It appears from the evidence that this leasehold was located about 13 miles southwest of Olney, near the Big Muddy and Little Wabash Rivers. The defendant Ford had been engaged in drilling oil wells throughout his lifetime and sometime shortly before March 19, 1948, he employed one John Lowery, who had a portable cable tool drilling rig, to commence the drilling of the well on the north 40 acres of the 80 acres involved. It appears that the well site was very low and muddy. Lowery was primarily a water-well driller and the type of rig which he had and used on this well was the type commonly used for water wells. It appears that the defendant Ford applied for a permit to drill this particular well at a higher location but that the permission was denied by the Department of Mines and Minerals. It appears that with considerable difficulty, because of the muddy condition of the terrain, Lowery pulled his rig onto the site and, using an eight-inch bit, drilled to the approximate depth of 20 feet, and that he inserted a length of 5 1/2-inch diameter casing therein, which projected about 13 feet out of the ground, and that he then pulled off the site with his equipment and nothing further was done thereafter to continue drilling up to the time suit was instituted.

It also appeared that a rotary rig was the customary machine used for drilling oil wells in this vicinity, and that it was practically the uniform practice to use 10 5/8-inch surface pipe, and that in this vicinity a well using a 5 1/2-inch casing was not commonly found. A geologist also testified that the strata which was to be drilled into at this location would have necessitated a well of approximately 3000 feet in depth, and that the machine used by Lowery was incapable of drilling a well to that depth.

It also appeared from the evidence that the defendant Ford had drilled wells in this vicinity, and that he had drilled a well immediately north of this site, and that he had an interest in such well, and that the well in question here would have been an offset to that well.

The trial court found that no oil well had been, in fact, commenced within 60 days as required by the lease and held that the plaintiff was entitled to the cancellation of his lease and that the $1000 which had been deposited in escrow should be delivered to him, and this appeal followed.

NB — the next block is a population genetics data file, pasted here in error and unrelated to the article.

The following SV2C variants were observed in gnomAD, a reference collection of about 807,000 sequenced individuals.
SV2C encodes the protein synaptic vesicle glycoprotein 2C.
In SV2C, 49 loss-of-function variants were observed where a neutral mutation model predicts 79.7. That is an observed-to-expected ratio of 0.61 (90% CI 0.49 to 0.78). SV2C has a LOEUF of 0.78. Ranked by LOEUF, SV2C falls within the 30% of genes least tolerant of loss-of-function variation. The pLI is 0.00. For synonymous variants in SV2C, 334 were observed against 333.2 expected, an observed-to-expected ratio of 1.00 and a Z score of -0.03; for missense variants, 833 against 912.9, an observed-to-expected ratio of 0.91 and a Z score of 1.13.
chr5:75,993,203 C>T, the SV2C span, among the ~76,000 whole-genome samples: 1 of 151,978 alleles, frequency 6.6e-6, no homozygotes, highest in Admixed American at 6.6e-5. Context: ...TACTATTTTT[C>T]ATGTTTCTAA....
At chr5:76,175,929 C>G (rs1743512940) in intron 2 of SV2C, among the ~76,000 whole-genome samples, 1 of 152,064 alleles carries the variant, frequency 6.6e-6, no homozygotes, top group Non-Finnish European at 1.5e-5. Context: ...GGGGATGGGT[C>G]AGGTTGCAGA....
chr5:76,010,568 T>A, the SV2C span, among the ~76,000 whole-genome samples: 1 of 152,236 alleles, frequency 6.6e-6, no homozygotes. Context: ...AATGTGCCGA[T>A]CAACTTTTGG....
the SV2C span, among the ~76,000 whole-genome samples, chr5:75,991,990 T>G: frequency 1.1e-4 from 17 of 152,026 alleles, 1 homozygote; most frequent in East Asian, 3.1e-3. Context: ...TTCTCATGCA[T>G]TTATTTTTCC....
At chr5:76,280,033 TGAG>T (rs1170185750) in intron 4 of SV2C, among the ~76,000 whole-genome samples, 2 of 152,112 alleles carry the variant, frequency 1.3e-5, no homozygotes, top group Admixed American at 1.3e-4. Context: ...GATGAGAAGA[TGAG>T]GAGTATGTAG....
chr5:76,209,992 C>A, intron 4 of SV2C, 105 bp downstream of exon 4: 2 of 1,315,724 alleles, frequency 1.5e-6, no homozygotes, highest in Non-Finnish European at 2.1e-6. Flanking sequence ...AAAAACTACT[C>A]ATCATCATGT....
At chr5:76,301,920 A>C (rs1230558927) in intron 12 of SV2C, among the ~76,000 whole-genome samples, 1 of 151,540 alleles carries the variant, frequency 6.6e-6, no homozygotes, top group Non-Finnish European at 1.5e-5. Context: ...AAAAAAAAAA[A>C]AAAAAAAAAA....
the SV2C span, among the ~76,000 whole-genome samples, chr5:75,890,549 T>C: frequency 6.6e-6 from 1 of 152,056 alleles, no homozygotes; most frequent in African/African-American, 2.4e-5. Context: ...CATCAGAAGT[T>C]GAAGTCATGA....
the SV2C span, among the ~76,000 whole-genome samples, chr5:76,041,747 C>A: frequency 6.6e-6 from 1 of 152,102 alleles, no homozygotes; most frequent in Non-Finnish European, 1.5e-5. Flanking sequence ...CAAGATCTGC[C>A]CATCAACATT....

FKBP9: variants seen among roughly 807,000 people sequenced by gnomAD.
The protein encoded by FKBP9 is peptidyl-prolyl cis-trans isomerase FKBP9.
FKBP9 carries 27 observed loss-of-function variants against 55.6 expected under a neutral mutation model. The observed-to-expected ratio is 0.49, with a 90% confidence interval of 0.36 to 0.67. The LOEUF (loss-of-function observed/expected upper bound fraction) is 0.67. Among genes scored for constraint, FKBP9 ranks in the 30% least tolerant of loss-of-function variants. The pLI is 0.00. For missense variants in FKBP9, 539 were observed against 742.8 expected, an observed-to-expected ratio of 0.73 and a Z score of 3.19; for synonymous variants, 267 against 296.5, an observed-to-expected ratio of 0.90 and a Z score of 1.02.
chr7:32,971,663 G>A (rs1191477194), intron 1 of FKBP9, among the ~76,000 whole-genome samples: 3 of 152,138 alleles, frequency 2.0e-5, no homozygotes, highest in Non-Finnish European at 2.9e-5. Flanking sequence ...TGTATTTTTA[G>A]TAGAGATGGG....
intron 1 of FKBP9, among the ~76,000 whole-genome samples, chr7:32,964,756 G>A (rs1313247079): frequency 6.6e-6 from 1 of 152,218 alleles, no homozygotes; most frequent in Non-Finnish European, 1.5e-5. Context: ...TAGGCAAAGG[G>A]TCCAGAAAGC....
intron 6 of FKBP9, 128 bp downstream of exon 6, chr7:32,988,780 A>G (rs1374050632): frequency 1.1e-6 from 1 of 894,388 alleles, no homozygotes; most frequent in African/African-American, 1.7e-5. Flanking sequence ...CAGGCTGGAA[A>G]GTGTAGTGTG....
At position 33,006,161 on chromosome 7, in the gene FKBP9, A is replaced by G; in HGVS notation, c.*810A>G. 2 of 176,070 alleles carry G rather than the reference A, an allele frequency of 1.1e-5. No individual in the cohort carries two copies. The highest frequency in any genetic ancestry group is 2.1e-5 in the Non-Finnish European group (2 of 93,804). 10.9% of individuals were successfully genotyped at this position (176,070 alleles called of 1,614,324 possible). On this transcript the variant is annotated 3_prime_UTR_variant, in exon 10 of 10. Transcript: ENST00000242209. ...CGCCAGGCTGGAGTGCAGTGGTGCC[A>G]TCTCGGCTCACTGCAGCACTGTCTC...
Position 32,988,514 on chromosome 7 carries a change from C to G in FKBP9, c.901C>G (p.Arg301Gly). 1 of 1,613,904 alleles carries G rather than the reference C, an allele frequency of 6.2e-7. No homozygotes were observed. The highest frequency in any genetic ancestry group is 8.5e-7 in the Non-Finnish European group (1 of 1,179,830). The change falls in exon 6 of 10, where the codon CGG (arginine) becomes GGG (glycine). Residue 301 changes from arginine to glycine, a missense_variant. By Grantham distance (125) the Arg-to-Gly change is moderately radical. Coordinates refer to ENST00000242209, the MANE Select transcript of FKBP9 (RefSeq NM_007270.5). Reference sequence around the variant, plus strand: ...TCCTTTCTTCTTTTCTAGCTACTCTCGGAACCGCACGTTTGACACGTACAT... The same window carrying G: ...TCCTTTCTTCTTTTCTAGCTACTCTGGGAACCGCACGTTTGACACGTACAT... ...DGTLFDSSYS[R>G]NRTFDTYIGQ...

The appellants contend that the decree of the trial court is contrary to the manifest weight of the evidence and to the law of Illinois, and that the trial court should have entered a decree finding that the defendant had, in fact, commenced the drilling of an oil well.

The oil-and-gas lease provided as follows: "It is agreed that this lease shall remain in force for a term of four months from this date and as long thereafter as oil, gas, casing-head gas, casing-head gasoline or any of them is produced from said leased premises or operations for drilling are continued as hereinafter provided, or operations are continued for the injection of water, brine and other fluids into subsurface strata. Provided, however, that for injection purposes this lease shall continue in full force and effect only as to well or wells so used and the ten acres contiguous thereto. * * * If no well be commenced on said land within two months from date hereof this lease shall terminate as to both parties and shall be null and void. If a second well has not been commenced within four months from date hereof, the lessees shall surrender the undeveloped acreage except the twenty-acre tract on which the first well was drilled."

The escrow agreement contained the following provision: "You are directed to hold this sum of One Thousand Dollars ($1,000.00) for a period of sixty (60) days from the date hereof and in the event satisfactory proof is presented to you showing that the drilling of a well has been actually commenced on either one of these tracts of land, then you are authorized and directed to hold the said sum of One Thousand Dollars ($1,000.00) for an additional sixty (60) days, making one hundred twenty (120) days in all from the date hereof, and in the event that within one hundred twenty (120) days from the date hereof, you are furnished with satisfactory proof showing that a second well has been commenced on either of said tracts of land, you are authorized and directed to refund the said sum of One Thousand Dollars ($1,000.00) herein referred to the said William P. Ford. However, in the event you do not receive proof satisfactory to the commencement of the actual drilling of the first well within sixty (60) days from the date hereof, then you are authorized and directed to pay said sum of One Thousand Dollars ($1,000.00) to the said J.O. Hughes. In the event you have received proof of the actual commencement of drilling of the first well and do not receive proof satisfactory to J.O. Hughes of the drilling of the second well at the time herein specified, then you are authorized and directed to pay the said sum of One Thousand Dollars ($1,000.00) held according to the terms of this agreement to the said J.O. Hughes."